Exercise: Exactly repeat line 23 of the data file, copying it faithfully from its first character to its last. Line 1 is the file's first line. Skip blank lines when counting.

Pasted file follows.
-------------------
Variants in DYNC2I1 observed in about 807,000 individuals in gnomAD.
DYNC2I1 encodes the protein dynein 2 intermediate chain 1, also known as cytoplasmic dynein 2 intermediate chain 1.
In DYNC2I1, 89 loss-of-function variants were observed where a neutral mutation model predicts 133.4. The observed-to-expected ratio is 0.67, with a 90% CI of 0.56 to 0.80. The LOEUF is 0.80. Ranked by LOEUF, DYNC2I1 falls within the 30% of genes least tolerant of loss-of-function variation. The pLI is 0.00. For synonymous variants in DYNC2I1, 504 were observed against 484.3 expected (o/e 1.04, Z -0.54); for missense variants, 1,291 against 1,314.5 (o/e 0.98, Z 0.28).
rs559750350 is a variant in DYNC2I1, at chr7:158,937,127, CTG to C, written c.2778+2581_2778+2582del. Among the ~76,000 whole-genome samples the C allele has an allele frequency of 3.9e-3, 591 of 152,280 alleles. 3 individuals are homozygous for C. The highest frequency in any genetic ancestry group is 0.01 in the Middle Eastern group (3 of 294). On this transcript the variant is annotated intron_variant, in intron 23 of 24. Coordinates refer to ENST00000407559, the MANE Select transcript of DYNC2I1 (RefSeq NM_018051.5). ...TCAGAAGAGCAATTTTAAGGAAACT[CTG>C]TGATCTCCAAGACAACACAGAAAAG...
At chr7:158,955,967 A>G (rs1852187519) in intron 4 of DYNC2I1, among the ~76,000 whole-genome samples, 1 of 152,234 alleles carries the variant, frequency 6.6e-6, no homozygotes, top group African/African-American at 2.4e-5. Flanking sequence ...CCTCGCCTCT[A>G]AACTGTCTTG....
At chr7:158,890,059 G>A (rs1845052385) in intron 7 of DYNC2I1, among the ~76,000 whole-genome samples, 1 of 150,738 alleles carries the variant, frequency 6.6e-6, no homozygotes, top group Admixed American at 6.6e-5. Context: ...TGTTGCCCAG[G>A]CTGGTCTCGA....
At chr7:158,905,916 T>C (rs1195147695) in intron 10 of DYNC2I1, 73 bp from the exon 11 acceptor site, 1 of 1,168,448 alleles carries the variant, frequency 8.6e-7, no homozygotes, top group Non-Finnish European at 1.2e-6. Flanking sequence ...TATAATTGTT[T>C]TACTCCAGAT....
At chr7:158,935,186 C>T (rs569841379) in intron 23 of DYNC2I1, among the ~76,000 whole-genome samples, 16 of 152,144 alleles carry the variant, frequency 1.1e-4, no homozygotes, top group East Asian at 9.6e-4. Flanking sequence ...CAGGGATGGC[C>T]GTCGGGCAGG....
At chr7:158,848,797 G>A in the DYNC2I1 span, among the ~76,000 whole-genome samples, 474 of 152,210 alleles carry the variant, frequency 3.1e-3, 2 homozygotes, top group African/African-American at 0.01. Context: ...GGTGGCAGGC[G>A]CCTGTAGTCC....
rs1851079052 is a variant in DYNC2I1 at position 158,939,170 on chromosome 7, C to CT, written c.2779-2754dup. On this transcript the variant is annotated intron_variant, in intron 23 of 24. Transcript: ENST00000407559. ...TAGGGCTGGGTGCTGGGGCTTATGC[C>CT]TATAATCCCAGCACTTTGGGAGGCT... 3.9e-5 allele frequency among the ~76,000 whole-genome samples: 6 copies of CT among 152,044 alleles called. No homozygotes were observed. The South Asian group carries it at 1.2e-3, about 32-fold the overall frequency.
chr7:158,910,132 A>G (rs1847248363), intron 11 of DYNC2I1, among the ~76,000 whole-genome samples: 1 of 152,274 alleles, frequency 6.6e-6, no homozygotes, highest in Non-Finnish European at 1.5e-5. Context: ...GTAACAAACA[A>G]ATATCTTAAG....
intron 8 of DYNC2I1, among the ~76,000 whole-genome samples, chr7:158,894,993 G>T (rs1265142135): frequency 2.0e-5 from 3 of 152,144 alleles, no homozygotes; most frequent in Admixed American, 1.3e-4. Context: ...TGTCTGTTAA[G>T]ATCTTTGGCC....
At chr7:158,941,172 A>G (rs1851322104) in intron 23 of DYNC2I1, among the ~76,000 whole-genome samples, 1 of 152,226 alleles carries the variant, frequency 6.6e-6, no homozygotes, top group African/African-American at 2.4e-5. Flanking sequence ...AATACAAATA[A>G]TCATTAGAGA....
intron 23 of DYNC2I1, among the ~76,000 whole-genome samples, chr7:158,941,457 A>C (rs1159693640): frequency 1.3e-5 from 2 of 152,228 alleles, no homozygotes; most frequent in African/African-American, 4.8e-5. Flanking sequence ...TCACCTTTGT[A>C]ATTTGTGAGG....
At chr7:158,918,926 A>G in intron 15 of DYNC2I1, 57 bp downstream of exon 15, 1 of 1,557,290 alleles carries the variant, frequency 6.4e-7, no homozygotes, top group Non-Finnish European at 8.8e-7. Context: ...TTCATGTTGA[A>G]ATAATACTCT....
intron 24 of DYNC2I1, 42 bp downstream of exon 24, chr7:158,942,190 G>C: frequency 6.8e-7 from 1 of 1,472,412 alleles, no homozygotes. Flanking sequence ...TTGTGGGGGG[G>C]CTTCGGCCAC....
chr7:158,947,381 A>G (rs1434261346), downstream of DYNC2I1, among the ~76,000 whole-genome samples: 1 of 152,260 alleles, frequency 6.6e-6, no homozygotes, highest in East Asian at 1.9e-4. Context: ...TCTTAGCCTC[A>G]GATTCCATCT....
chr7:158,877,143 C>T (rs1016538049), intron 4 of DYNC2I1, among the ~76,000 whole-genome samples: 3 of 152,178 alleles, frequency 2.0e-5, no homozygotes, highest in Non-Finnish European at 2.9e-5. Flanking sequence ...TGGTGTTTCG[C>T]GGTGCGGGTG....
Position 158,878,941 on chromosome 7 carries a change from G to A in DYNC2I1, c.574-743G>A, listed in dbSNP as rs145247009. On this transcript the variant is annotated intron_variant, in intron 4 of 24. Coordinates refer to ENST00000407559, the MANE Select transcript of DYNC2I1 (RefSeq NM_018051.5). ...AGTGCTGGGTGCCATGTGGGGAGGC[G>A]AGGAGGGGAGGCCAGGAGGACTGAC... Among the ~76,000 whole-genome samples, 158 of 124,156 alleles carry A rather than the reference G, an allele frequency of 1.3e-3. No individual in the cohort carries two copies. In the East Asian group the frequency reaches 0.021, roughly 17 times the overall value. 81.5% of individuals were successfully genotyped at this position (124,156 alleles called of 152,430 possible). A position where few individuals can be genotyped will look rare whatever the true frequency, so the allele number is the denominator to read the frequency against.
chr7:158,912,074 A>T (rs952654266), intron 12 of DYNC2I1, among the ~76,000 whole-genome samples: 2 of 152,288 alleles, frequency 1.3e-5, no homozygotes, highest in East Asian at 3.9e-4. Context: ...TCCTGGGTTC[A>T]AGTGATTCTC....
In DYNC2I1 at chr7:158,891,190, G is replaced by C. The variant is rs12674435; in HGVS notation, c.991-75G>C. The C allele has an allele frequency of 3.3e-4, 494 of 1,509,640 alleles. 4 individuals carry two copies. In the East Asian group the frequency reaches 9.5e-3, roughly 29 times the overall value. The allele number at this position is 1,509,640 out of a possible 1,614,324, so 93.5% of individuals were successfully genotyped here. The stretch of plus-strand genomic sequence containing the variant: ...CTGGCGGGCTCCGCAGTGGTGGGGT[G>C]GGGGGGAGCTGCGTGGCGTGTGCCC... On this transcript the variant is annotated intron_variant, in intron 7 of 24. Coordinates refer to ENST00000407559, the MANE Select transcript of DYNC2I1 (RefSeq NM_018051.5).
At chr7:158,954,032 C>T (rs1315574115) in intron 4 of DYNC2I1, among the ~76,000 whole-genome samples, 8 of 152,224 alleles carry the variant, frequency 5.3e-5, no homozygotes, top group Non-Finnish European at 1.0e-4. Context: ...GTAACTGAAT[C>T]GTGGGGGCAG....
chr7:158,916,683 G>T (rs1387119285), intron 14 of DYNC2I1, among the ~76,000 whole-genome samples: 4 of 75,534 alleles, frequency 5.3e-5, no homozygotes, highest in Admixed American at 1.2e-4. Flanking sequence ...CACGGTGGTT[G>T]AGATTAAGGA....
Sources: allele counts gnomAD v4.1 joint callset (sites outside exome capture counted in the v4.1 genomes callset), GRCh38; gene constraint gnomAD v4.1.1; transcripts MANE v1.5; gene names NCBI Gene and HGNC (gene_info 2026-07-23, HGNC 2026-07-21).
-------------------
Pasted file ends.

chr7:158,916,683 G>T (rs1387119285), intron 14 of DYNC2I1, among the ~76,000 whole-genome samples: 4 of 75,534 alleles, frequency 5.3e-5, no homozygotes, highest in Admixed American at 1.2e-4. Flanking sequence ...CACGGTGGTT[G>T]AGATTAAGGA....